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Old 05-07-2019, 03:50 PM
DamenFaltor DamenFaltor is offline
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Question Beginner Color - how do you know?

It seems like such a magical ability; to sit down at an empty palette and a blank canvas, and know which colors to use.

Along my journey of self teaching how to paint with oils (which is the first type of Art I have ever really done), I have discovered much about color. Things like color is made up of attributes, like hue, value, and chroma. This only served to make color choice seem even more magical, because now there were more options.

Then I found the color wheel, and learned about Color theory - primary, secondary, tertiary. I learned about the colors opposite of each other, that when mixed, neutralize each other (or turn each other more gray). I learned that some colors are warm, some colors are cool. But again, this only continued to elevate those who can choose from these options to Wizard status.

My current attempts to select correctly have proven to be comical at best, embarrassing at worst. Let's say you wanted to paint a grassy meadow in mid-summer. To me, that grass could be eleventy billion different shades of green. I could start with sap green, mix some titanium white and get a lighter green, or mix in some Ivory Black to get a darker green. Not so bad.... we can work with that.... but then there are the neutral colors of green (and those can be lightened and darkened) and there are the yellow-greens, and the blue-greens. I don't really know when a blue-green would need to be used in a meadow instead of a yellow-green, but it happens. Even when painting from a reference photo, this seems like some kind of special magic power you guys are born with.

I wish to learn this magic, so I ask, when you first started with painting, how did you teach yourself to pick colors correctly? How did you learn which colors worked together to create the illusion of 3D with shadow and distance? Was it simply years of trial and error until you could just feel it?

Thank you in advance for reading this wall of text, I appreciate it. This has vexed me for a long time, and it's not getting better... yet
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Old 05-07-2019, 04:37 PM
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sykirobme sykirobme is offline
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Re: Beginner Color - how do you know?

When painting a scene, you'll see a riot of colors. The key is to simplify, find the "average" green in your meadow and then add some of the more vivid highlight colors as accents. Find masses for the shadows. Actually, it's all about identifying masses of distinct color. This can be difficult, and I'm still learning how to do it well, myself.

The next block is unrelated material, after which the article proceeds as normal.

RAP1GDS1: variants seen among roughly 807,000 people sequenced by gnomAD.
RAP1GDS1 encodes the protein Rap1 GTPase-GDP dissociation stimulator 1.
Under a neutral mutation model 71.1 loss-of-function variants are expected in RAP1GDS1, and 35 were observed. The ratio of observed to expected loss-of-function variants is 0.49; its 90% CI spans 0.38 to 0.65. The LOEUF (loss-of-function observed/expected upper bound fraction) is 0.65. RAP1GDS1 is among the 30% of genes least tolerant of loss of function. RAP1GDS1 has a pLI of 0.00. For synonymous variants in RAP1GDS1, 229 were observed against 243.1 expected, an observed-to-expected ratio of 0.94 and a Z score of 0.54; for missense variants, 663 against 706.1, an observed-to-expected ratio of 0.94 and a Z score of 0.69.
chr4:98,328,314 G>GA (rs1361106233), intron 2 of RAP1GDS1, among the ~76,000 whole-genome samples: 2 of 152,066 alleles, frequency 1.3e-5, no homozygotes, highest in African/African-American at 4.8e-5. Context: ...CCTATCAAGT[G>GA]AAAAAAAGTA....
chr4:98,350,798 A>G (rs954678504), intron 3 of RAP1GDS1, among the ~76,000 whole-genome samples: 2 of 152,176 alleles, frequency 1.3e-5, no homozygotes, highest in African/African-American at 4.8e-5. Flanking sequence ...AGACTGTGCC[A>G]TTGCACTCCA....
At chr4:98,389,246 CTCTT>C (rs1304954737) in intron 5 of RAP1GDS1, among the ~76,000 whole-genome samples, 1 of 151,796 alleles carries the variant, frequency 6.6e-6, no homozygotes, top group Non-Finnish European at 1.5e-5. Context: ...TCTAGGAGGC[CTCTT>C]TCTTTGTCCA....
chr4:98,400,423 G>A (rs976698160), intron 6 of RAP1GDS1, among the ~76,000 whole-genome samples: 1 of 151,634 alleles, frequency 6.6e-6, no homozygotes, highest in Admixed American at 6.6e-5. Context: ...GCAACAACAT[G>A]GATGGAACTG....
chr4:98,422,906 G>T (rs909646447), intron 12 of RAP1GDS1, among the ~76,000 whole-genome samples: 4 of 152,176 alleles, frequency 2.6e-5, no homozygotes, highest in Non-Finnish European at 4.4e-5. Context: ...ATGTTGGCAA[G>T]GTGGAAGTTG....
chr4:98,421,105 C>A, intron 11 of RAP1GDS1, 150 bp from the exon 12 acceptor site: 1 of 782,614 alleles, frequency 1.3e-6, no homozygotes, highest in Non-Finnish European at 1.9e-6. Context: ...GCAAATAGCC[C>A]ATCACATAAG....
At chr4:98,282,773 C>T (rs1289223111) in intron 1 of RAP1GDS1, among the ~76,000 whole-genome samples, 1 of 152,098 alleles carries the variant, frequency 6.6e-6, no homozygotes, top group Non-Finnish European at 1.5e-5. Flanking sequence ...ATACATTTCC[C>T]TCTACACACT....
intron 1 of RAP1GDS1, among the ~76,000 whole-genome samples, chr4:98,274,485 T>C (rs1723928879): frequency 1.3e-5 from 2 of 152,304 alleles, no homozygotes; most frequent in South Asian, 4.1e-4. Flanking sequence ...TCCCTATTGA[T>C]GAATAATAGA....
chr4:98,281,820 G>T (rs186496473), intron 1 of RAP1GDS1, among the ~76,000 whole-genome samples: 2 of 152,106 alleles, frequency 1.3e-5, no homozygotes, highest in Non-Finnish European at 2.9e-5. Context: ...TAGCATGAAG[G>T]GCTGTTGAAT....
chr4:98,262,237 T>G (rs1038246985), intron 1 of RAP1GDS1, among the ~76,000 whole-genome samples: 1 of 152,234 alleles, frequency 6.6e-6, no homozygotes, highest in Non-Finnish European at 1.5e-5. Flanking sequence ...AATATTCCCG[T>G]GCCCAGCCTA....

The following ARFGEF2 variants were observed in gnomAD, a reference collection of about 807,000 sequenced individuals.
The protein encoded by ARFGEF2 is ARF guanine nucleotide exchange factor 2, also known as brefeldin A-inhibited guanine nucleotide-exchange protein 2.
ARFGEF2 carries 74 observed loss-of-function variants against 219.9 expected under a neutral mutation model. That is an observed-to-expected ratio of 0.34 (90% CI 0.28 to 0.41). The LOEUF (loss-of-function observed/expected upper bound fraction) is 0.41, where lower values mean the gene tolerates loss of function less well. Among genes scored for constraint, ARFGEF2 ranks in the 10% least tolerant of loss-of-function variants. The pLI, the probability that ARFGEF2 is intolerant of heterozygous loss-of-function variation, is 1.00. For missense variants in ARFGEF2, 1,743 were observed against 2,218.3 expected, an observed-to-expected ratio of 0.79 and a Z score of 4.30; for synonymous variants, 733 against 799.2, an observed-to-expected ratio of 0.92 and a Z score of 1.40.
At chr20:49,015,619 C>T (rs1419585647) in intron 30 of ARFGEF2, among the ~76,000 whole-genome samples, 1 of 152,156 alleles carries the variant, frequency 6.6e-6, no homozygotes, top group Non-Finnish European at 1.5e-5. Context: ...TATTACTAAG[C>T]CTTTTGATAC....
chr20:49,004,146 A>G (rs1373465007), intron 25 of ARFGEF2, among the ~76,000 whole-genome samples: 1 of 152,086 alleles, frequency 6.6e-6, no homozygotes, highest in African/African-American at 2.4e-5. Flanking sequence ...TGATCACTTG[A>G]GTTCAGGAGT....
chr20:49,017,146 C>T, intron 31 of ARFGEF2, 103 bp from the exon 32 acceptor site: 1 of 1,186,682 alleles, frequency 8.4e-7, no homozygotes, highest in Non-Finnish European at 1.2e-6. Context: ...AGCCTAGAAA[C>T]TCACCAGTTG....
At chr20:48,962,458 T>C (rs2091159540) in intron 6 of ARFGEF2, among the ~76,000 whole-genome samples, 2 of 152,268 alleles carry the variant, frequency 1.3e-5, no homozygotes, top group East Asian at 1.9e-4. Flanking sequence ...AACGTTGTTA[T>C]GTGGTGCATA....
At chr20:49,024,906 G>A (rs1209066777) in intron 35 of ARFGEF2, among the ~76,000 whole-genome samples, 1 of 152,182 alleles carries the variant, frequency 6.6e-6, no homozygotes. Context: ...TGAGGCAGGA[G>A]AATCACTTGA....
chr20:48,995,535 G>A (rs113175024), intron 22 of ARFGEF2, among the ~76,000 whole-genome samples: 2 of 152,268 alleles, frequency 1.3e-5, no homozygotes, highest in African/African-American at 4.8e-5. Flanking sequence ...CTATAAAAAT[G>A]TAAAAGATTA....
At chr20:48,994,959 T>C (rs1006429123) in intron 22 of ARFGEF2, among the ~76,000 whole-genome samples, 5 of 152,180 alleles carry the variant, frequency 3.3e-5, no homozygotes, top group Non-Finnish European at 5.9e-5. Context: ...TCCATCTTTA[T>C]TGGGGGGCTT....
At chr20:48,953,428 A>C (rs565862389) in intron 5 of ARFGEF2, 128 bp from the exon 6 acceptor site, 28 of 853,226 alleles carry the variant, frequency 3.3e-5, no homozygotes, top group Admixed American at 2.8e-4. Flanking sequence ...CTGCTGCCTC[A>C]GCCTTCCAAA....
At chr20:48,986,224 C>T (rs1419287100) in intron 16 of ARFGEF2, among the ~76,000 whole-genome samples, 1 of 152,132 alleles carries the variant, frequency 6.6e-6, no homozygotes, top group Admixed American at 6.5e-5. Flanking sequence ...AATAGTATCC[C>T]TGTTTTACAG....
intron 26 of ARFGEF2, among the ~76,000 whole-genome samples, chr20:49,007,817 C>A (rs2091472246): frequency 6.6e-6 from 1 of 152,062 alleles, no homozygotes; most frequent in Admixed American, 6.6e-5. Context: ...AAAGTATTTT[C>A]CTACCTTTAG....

To determine how to mix colors you see, you need to learn your way around your palette. Try a limited selection of colors, and make swatches of mixed color. Try a "split primary" palette (a warm and a cool each of Red, Yellow and Blue) with white. Let's say you go with:

Alizarin Crimson Hue (heresy, I know, but real Alizarin is a fugitive color)
Cadmium Red Deep
Cadmium Yellow Light
Cadmium Yellow Deep
Cerulean Blue
Ultramarine Blue

For each of these colors, do a "chart" of swatches. So, for Alizarin, you'll first do a swatch of pure Alizarin, then next to that do Alizarin mixed with a bit of Cad Red Deep, then Alizarin with a bit of Cad Yellow Light, etc. Each mix should have Alizarin as the dominant color (I do about a 2:1 ratio). For each mix as well as the pure color, you'll also want to mix varying amounts of white to make a five step value scale.

The result will look something like this.

You can make this even simpler by choosing a single of each primary + white. Anders Zorn famously used white with Cad Red Light, Yellow Ocher and Lamp Black to paint rich portraits.

Last edited by sykirobme : 05-07-2019 at 04:48 PM.
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Old 05-07-2019, 04:46 PM
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llawrence llawrence is offline
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Re: Beginner Color - how do you know?

Don't begin with an unlimited palette. It's confusing at first, for some of the reasons you mentioned. Start simple, and add paints as you learn.

Start with monochrome: white and a single dark color. Black, burnt umber, ultramarine, prussian blue, anything sufficiently dark. You can also do a pickout technique with a dark transparent paint, using no white paint but wiping away to the canvas/panel for lights (my first oil paintings were done like this). And don't forget good old drawing! Work in values only.